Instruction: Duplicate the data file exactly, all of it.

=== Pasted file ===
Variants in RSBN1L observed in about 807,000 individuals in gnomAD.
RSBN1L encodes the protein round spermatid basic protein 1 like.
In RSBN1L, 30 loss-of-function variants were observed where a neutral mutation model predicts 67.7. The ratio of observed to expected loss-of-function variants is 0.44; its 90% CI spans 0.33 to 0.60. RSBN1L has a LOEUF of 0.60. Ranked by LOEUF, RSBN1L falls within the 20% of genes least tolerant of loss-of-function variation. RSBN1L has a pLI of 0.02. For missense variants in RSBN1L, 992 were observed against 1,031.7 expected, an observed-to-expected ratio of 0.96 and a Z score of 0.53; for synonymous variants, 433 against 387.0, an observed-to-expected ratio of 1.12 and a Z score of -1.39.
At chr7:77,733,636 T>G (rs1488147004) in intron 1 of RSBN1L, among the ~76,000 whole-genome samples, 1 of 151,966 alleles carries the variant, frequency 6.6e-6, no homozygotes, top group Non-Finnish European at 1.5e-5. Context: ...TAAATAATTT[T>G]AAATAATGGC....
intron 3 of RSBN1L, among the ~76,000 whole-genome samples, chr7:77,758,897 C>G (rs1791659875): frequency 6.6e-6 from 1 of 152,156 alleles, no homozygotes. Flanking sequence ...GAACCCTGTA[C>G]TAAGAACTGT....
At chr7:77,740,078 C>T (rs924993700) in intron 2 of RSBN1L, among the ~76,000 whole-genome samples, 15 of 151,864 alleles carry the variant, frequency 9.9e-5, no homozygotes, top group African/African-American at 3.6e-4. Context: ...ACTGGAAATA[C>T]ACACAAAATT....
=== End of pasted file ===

Variants in RSBN1L observed in about 807,000 individuals in gnomAD.
RSBN1L encodes the protein round spermatid basic protein 1 like.
In RSBN1L, 30 loss-of-function variants were observed where a neutral mutation model predicts 67.7. The ratio of observed to expected loss-of-function variants is 0.44; its 90% CI spans 0.33 to 0.60. RSBN1L has a LOEUF of 0.60. Ranked by LOEUF, RSBN1L falls within the 20% of genes least tolerant of loss-of-function variation. RSBN1L has a pLI of 0.02. For missense variants in RSBN1L, 992 were observed against 1,031.7 expected, an observed-to-expected ratio of 0.96 and a Z score of 0.53; for synonymous variants, 433 against 387.0, an observed-to-expected ratio of 1.12 and a Z score of -1.39.
At chr7:77,733,636 T>G (rs1488147004) in intron 1 of RSBN1L, among the ~76,000 whole-genome samples, 1 of 151,966 alleles carries the variant, frequency 6.6e-6, no homozygotes, top group Non-Finnish European at 1.5e-5. Context: ...TAAATAATTT[T>G]AAATAATGGC....
intron 3 of RSBN1L, among the ~76,000 whole-genome samples, chr7:77,758,897 C>G (rs1791659875): frequency 6.6e-6 from 1 of 152,156 alleles, no homozygotes. Flanking sequence ...GAACCCTGTA[C>G]TAAGAACTGT....
At chr7:77,740,078 C>T (rs924993700) in intron 2 of RSBN1L, among the ~76,000 whole-genome samples, 15 of 151,864 alleles carry the variant, frequency 9.9e-5, no homozygotes, top group African/African-American at 3.6e-4. Context: ...ACTGGAAATA[C>T]ACACAAAATT....